North Carolina Tar Heels: Brad Daugherty

Marcus Paige by the numbers

November, 27, 2013
It seems like just yesterday when North Carolina guard Marcus Paige expressed an uneasiness over making the transition to shooting guard. He was so conditioned to creating for others that the mentality to look for his own shots didn’t come naturally.

[+] EnlargeMarcus Paige
Zumapress/Icon SMIMarcus Paige's transition to shooting guard has been seamless.
Five games later, Paige has thrust himself into a different stratosphere -- both nationally and among Tar Heels historically.

He’s currently leading the team with 22.4 ppg. That's comparable to others mentioned as national-player-of-the-year candidates like Oklahoma State’s Marcus Smart (21.0), Louisville’s Russ Smith (20.2), Kentucky’s Julius Randle (19.8), Arizona State’s Jahii Carson (23.0) and Duke’s Jabari Parker (23.0).

That also would put Paige on a short list of Tar Heels who have averaged 20 or more points a game since 1970:

Phil Ford (20.8 ppg in 1977-78); Michael Jordan (20.0 ppg in 1982-83); Brad Daugherty (20.2 ppg in 1985-86); Hubert Davis (21.4 ppg in 1991-92); Antawn Jamison (22.2 ppg in 1997-98); Joseph Forte (20.9 ppg in 2000-01), Rashad McCants (20.0 ppg 2003-04) and Tyler Hansbrough (22.6 ppg in 2007-08 and 20.7 in 2008-09).

Paige is shooting 53.1 percent from 3-point range, which ranked him 29th nationally as of Monday's NCAA statistics. The next closest national-player-of-the-year candidate is Creighton’s Doug McDermott, who is tied for 38th at 50 percent.

If Paige continues at this rate, he would shatter the Carolina single-season record of 49.6 percent set by Dante Calabria in 1994-95. The difference is Calabria was a spot-up shooter who benefited from Jerry Stackhouse and Rasheed Wallace drawing most of the defense's attention.

Paige is shooting 93.1 percent from the free-throw line, which was tied for 40th nationally entering the week. Again, he’d set a new school standard if he keeps it up, besting Shammond Williams’ single-season record of 91.1 percent during the 1997-98 season.

Paige is also shooting 53.1 percent from the field, which for a guard is great, but it doesn’t compare with post players.

Of course some, if not all, of Paige’s current averages will decrease once teams make him the focal point of their game plans.

But the irony here is if Carolina had its full roster, and Paige were strictly playing point guard, he wouldn’t be posting anywhere near his scoring average. That’s what makes his transformation in such a short amount of time so impressive.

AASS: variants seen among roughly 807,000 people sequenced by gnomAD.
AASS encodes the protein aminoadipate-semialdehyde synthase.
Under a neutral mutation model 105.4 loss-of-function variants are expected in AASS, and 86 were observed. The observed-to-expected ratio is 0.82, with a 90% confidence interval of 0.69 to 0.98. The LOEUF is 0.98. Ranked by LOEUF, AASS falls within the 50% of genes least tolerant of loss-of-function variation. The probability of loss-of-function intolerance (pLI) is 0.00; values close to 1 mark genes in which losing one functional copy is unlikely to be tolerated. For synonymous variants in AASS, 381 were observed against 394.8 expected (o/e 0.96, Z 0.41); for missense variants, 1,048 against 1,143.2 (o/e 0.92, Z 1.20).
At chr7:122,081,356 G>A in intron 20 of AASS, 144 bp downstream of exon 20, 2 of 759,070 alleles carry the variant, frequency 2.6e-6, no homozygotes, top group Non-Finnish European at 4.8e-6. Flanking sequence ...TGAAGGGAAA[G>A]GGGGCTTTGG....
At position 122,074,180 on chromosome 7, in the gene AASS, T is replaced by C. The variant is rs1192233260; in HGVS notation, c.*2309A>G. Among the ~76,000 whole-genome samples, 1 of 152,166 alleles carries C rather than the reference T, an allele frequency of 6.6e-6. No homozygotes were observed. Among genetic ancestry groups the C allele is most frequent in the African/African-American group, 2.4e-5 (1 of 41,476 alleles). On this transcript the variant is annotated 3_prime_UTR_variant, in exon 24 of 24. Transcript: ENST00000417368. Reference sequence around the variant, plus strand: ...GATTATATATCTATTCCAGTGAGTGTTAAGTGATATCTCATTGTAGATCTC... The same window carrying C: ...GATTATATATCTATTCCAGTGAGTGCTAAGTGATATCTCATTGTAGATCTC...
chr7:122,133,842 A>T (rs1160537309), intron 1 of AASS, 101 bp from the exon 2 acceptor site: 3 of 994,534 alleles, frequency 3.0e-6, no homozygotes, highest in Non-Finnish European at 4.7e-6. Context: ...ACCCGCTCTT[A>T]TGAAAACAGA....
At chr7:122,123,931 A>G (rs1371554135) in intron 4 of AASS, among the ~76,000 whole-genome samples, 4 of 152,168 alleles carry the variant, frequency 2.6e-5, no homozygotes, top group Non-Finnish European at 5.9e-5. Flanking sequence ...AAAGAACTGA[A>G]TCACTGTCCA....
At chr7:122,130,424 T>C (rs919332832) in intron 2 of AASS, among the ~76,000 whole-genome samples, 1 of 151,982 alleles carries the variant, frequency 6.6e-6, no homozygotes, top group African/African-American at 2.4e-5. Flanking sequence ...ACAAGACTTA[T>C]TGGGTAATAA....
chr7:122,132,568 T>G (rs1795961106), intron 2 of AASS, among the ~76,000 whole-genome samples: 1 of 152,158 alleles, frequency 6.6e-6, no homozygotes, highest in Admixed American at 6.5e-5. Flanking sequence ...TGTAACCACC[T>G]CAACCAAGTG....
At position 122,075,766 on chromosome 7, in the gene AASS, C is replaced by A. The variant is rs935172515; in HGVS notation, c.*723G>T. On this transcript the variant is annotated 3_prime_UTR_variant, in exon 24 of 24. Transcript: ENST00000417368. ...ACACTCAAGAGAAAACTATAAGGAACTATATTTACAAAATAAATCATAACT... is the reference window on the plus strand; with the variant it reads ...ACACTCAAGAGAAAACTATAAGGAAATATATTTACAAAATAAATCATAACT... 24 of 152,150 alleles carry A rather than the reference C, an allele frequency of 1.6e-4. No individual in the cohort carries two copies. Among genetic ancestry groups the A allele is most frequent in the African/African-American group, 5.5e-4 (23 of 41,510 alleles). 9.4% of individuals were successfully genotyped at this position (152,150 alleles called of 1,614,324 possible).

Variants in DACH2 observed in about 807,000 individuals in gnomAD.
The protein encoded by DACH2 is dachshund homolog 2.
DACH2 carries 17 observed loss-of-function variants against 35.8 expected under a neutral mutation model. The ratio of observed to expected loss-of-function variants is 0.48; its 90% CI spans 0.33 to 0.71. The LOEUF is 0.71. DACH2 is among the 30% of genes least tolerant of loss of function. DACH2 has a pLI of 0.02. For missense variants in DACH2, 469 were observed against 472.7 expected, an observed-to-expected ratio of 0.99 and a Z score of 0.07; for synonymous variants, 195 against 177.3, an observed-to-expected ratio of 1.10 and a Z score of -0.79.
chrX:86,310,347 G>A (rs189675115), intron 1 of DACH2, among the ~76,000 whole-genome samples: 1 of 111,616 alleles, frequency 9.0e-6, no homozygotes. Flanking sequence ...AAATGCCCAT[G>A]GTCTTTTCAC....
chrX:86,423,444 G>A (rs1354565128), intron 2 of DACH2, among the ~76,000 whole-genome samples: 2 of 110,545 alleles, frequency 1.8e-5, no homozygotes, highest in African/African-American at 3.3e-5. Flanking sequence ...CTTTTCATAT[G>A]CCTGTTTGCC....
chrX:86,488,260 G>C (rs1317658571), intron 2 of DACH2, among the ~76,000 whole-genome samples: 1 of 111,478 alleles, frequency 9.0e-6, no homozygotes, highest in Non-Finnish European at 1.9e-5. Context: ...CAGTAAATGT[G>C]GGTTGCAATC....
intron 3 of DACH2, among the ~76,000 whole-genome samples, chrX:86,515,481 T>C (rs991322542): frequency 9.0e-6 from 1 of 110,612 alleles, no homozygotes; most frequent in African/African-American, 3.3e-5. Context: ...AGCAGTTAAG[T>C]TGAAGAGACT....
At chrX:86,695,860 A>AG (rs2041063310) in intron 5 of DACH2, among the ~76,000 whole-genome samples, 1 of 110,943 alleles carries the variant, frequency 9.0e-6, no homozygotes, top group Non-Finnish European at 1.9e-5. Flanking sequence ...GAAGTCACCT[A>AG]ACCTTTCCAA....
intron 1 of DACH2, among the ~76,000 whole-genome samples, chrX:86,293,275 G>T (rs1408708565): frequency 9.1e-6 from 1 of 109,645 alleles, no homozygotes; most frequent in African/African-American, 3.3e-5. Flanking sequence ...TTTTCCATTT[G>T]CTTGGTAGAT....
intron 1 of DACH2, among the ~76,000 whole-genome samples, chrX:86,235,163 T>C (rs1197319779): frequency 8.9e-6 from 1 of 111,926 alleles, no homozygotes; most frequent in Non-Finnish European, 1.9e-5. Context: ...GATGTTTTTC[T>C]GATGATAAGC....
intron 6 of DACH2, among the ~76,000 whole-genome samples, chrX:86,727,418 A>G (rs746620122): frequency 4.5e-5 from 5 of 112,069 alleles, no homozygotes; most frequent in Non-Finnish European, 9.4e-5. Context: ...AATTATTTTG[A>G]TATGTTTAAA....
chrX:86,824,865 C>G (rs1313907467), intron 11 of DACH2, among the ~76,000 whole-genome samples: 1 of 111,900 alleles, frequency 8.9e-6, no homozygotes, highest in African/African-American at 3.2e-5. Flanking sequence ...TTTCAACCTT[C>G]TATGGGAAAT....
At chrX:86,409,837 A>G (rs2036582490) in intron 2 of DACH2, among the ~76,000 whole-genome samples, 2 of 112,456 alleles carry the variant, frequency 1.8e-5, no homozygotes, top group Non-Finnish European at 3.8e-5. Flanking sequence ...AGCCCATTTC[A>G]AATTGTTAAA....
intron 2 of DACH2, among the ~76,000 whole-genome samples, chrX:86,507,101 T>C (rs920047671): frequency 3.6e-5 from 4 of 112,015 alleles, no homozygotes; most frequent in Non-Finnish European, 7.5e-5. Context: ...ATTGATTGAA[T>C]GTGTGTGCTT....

Paige has played at such a high level that it would be hard to argue that he’s not the best player on the team even when P.J. Hairston came back.

Joel James has a big number to fill

October, 29, 2013
Sophomore forward Joel James willingly abandoned the No. 0 jersey he wore last season to allow freshman Nate Britt to wear it. The 5-foot-11 guard wore it throughout high school -- with the exception of his lone season playing at Oak Hill Academy last year – and wanted it back.

James, who averaged 2.3 points and 2.4 rebounds as a freshman last season, had no sentimental attachment. He was one of just two players (Jesse Holley) to ever wear the single zero at Carolina so he gladly released it to Britt.

“I wanted to keep him happy,” James said. “He wore it his whole life that was my first time wearing it.”

Before choosing his next number James said he wanted a greater meaning behind it and settled on No. 42 for a reason.

There are three honored jerseys hanging in the Dean E. Smith Center rafters from players who wore 42 -- Brad Daugherty, Jerry Stackhouse and Sean May. It is tied with six other numbers (22, 30, 34, 35, 40 and 44) for the most players with honored jerseys. James literally wanted to elevate his game to their levels.

“I wanted to change my number just to set a goal for myself,” James said. “Great players wore that number -- Big May and Stack -- I set a challenge for myself.”

May did some of the challenging as well. May was talking on the phone to director of player development Eric Hoots, who informed him James would be wearing 42 this season. Given that James is the first player to sport the number since May in 2005, May wanted a few words with James.

“Hoots gave me the phone, (May) said, ‘Hey I don’t want you dropping any passes. I had great hands in that number so you’ve got to represent,’” James said. “I was like, ‘I’ll do as best I can.’”

James might not reach the heights of getting an honored jersey (which the criteria is one of the following: ACC Player of the Year, first or second team All-America, team MVP of NCAA title team, Final Four MOP, or Olympic gold medalist) unless he breaks the cycle.

The next player to wear the number after an honored jersey hasn’t maintained the same success. Scott Williams wore it after Daugherty and Kris Lang had it after Stackhouse. (That’s not to say they weren’t successful, after all, Daugherty, Stackhouse and May were all NBA lottery picks.)

For James, who has only played organized basketball since the 10th grade, Williams might be the best measuring sticks. Williams improved from his freshman to sophomore season going from 5.5. points and 4.2 rebounds per game to 12.8 points and 6.4 rebounds.

James probably won’t notch double figures scoring this season, but all signs point to him being an improved player.

“I feel like I’ve developed a lot of things, I’ve sharpened some tools,” James said. “I feel good about it.”